In breaking news today, March 20, Treasury Secretary Steven Mnuchin announced via Twitter that the tax filing deadline has been extended to July 15, 2020. This announcement followed his earlier notice that his department is pushing back the April 15 deadline to pay taxes owed for many individuals and businesses, giving them 90 extra days to pay what they owe before accruing penalties and interest. The Internal Revenue Service (IRS) has not posted an update or additional guidance to Mnuchin’s announcement today, and we will provide more updates as the details come out.
As a reminder, earlier this week, the IRS issued Notice 2020-17 (Relief for Taxpayers Affected by Ongoing Coronavirus Disease 2019 Pandemic). BBH is closely monitoring the IRS actions, and the following is an update of what we know today. As the regulations are evolving, we encourage you to talk to your tax advisors for details on how these changes affect your personal situation.
Are there limitations on the amount of postponed payments?
- Individual and other taxpayers can postpone tax payments up to $1,000,000 regardless of filing status (i.e., individual, joint, etc.).
- C-corporations and consolidation groups can postpone payments of up to $10,000,000.
- Payments in excess of these thresholds will still be due on April 15.
Do you still have to file a return by April 15?
The initial IRS notice did not provide for an extension for the filing of any tax return due April 15, 2020 unless you file for an extension. The rules on extensions have not changed. However, as noted above, Secretary Mnuchin recently Tweeted that he has approved an extension from April 15, 2020 to July 15, 2020. We have not yet seen formal confirmations from the IRS but expect they will be forthcoming.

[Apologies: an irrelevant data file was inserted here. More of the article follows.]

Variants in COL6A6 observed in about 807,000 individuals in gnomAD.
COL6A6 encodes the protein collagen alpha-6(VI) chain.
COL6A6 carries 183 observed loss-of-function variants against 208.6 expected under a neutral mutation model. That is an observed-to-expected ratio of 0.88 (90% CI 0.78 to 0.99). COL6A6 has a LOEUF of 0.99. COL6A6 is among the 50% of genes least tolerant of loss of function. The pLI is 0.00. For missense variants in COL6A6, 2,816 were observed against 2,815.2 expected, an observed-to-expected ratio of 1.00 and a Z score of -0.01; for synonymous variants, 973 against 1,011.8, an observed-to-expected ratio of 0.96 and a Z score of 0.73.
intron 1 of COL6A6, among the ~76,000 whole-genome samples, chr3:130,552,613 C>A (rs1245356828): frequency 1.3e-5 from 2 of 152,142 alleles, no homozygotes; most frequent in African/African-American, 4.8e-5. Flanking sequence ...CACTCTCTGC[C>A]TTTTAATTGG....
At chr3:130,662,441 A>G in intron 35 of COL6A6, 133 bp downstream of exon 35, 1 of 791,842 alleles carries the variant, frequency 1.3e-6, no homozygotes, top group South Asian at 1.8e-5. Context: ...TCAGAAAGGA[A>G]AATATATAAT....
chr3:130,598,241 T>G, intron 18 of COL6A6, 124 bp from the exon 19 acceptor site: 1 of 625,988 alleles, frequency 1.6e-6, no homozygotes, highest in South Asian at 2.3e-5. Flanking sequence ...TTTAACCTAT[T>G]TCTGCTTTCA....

Does the payment extension apply to quarterly estimated payments?
Yes, this relief applies to both payments for tax year 2019, as well as estimated quarter one payments for tax year 2020 due on April 15.
Does the extension on the payment of taxes apply to individual and business tax returns for each state?
Most states seem to be mirroring the federal government, but you must review the requirements for each state independently.
Who should take advantage of the extension to pay their federal, and potentially, their state income taxes?
Anyone who is experiencing cash-flow issues should consider delaying their tax payments. However, each individual and business owner will need to review their personal situation and balance the potential pros and cons of delaying their tax payments and, to the extent possible, the filing of their tax returns.
Is there any downside to delaying your payment past the normal April 15 deadline?
Barring liquidity issues, some tax experts recommend that you do not delay paying your tax obligations or filing your tax returns because:
- Filing your tax return and paying your 2019 tax obligations helps you know where you stand in 2020.
- Taxpayers who lose sight of postponed payments and make a payment after July 15, 2020, will be deemed late, and interest and penalties will begin to accrue on July 16, 2020.
In summary, for some individuals and businesses, this relief could provide a welcome reprieve from the obligation to pay federal taxes on April 15; however, there are important limitations to consider.
We hope this summary helps provide you and your tax advisors with some helpful insights.
Brown Brothers Harriman & Co. and its affiliates do not provide tax advice. This material has been prepared for informational purposes only. You should consult your own tax and legal advisors before engaging in any transaction. Brown Brothers Harriman & Co. (“BBH”) may be used as a generic term to reference the company as a whole and/or its various subsidiaries generally.This material and any products or services may be issued or provided in multiple jurisdictions by duly authorized and regulated subsidiaries.This material is for general information and reference purposes only and does not constitute legal, tax or investment advice and is not intended as an offer to sell, or a solicitation to buy securities, services or investment products. Any reference to tax matters is not intended to be used, and may not be used, for purposes of avoiding penalties under the U.S. Internal Revenue Code, or other applicable tax regimes, or for promotion, marketing or recommendation to third parties. All information has been obtained from sources believed to be reliable, but accuracy is not guaranteed, and reliance should not be placed on the information presented. This material may not be reproduced, copied or transmitted, or any of the content disclosed to third parties, without the permission of BBH. All trademarks and service marks included are the property of BBH or their respective owners. © Brown Brothers Harriman & Co. 2020. All rights reserved. PB-03435-2020-03-19